Post-Impressionist French painter Paul Cézanne is without a slight doubt one of the most crucial artists of the 19th century. He is best known for his incredibly varied style which can be considered a type of a conceptual bridge connecting the pure Impressionism and the most iconic art movement of the 20th century, Cubism. Cézanne’s mastery of design, tone, composition and color made sure that he will forever be considered as one of the most influential artists that ever lived, serving as a pivotal step leading up to the abstract art of the 20th century.
Paul Cézanne was born on January 19, 1839, in Aix-en-Provence, France. His father, Philippe Auguste, was the co-founder of a very successful banking firm, which pretty much meant Cézanne never in his life had to worry about money and finances. A few months after Cézanne’s thirteenth birthday, the young artist entered the Collège Bourbon, where he first met Emile Zola. From this day forward, the duo planned on traveling to Paris and taking the world of art by storm. With that goal in mind, Cézanne started to study painting techniques at the École des Beaux-Arts in 1856. Suffering heavy pressure from his father to enter the world of law and banking, Paul eventually gave in and started learning about family business in 1858.
After satisfying his father with law studies, Cézanne managed to convince him to finance his move to Paris. Cézanne planned to join Zola who was already in the City of Light and from there they were supposed to put their old plan into action. Paul joined the Académie Suisse and had a nice thing going for a while, but after mere five months started to doubt the talent he had. Ultimately, he made a tough choice of returning to Aix-en-Provence, back to his delighted father who welcomed his son with open arms and gave him a job.
Cézanne turned out to be neither good at nor satisfied with his new profession. Yet again he wanted to go to Paris, to return in great fashion and change the art scene. Seeing his son was not a good fit with the banking job, this time Philippe Auguste gave his blessings and sent Cézanne back to the French capital. During this period, Cézanne met Claude Monet and Camille Pissarro and became acquainted with the revolutionary work of Gustave Courbet and Édouard Manet. Realizing he may be more effective when working alone, Paul frequently went back to Aix and there painted in isolation, experimenting with different expressive techniques.
During the 1860s and the second stay in Paris, Paul’s paintings from this period do not really resemble the pieces from his later years which were marked by a more mature style. The subject matter of these early works is brooding and melancholy, including fantasies, dreams, religious images and a general preoccupation with the macabre. His style was full of energy, often very romanticized and full of irony. Though Cézanne had the backing of his fellow painters and Zola, he was constantly rejected from participation at the annual Salons and often ridiculed by the art critics of Paris.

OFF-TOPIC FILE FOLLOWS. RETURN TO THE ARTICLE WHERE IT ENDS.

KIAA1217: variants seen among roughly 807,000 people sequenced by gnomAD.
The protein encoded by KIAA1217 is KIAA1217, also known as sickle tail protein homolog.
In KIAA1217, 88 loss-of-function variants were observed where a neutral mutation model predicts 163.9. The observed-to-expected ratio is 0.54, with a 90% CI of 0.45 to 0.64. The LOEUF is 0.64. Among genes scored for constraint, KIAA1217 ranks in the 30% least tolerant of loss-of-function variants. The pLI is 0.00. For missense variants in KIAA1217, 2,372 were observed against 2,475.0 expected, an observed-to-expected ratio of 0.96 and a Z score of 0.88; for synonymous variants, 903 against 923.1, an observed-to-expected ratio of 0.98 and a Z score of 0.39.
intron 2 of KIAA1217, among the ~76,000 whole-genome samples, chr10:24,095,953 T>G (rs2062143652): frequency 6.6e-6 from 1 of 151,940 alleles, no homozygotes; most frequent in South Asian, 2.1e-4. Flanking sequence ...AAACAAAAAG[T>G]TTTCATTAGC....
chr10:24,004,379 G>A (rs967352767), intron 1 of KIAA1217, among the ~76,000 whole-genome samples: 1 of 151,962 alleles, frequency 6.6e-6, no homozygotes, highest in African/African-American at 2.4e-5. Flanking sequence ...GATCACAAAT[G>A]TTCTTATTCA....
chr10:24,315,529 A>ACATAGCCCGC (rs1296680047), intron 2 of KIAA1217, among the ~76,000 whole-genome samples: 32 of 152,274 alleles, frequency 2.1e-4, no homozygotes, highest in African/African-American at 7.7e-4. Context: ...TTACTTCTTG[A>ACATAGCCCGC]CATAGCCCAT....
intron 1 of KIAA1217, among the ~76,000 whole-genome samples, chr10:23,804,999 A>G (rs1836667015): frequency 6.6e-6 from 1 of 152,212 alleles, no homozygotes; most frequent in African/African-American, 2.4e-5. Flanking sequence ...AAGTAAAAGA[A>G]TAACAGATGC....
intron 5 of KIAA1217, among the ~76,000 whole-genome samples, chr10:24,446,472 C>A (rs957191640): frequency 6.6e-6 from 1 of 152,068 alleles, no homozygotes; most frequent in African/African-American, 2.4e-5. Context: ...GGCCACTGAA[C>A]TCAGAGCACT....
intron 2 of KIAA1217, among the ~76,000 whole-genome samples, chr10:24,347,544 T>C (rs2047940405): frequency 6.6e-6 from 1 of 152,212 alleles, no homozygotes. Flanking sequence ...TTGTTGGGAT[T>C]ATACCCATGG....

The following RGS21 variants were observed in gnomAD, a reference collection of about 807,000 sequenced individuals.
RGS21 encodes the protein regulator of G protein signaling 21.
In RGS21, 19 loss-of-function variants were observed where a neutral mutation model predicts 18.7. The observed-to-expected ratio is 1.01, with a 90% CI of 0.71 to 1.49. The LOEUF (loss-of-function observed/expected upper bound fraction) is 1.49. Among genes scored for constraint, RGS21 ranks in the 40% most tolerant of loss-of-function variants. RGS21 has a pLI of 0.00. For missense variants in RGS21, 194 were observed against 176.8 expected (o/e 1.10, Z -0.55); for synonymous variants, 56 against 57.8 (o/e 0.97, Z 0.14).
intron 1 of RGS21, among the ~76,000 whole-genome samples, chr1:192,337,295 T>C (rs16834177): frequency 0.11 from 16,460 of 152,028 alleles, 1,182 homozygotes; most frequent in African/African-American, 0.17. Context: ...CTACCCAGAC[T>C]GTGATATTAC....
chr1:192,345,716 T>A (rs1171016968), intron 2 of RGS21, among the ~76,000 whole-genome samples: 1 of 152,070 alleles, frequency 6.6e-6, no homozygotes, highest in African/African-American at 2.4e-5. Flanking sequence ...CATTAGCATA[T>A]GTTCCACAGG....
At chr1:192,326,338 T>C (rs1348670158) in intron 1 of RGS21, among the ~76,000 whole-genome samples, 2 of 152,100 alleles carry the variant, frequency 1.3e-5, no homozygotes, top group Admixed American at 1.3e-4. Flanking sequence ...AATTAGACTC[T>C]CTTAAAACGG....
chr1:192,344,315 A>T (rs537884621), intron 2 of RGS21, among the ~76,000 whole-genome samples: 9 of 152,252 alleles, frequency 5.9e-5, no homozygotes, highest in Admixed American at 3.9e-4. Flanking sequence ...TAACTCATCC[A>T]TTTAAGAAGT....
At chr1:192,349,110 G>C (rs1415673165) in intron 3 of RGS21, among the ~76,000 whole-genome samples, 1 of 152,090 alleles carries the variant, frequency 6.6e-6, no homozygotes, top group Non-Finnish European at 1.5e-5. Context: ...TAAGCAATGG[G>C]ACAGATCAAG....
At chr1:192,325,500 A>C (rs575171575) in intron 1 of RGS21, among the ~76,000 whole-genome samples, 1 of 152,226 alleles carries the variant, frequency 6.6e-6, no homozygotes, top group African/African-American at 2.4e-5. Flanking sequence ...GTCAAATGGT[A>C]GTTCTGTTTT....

In 1872, Cézanne moved to Pontoise alongside Pissarro, with goals of practicing painting. It was here that Paul was convinced that one must paint directly from nature – this was the key feature of the Impressionism painters that were rocking the foundation of traditional art at the time. The biggest change that came from this new approach to painting is the fact Cézanne completely stopped painting romantic and religious subjects. Additionally, the murky range of his palette began to give way to fresher, more vibrant colors. Cézanne participated in the first exhibition of the Société Anonyme des artistes, peintres, sculpteurs, graveurs. Paul felt comfortable for a while, but yet again he started starving for solitude.
Probably down to the combination of his argues with other Impressionists and the fact none of his paintings were positively received with the public, Cézanne did not exhibit his works for nearly 20 years after the Society’s exhibition. Nevertheless, Monet’s principles had a huge effect on Paul’s art and it showed quite a bit. He painted directly from the subject and employed short, loaded brushstrokes — characteristic of the Impressionist style. During the 1880s, Cézanne saw less and less of his friends and started drifting away from his contemporaries, while his style started to return to his own ideas and principles.
In 1895, largely due to the urging of Pissarro, Monet and Renoir, art dealer Ambroise Vollard showed several of Cézanne’s paintings. As a result, public interest in Cézanne’s work slowly began to develop. He was even able to finally display his work where he always wanted to, exhibiting at the Salon in 1899, 1901, 1902 and 1904. At the turn of the century, he became the popular painter that defied all the influences around him and developed a personal style unlike any other artist. Unfortunately, during the highest popularity moment of his life, Cézanne became ill and died on October 22, 1906.
Cézanne’s paintings – particularly those from the last three decades of his life – established new paradigms and concepts that turned out to be essential for the development of modern art. The painter successfully transformed the restless power of his earlier years into the structuring of a pictorial language that would go on to impact nearly every radical phase of 20th century art – especially Cubism which was extremely influenced by Cézanne’s short, hatched brushstrokes and his ways of modeling. All of this made sure Paul’s legacy became immortal and forever remembered as a key segment of modern painting.
Featured Image: Paul Cézanne – Self – Portrait of the artist, 1890 – Photo Credits Wikiart
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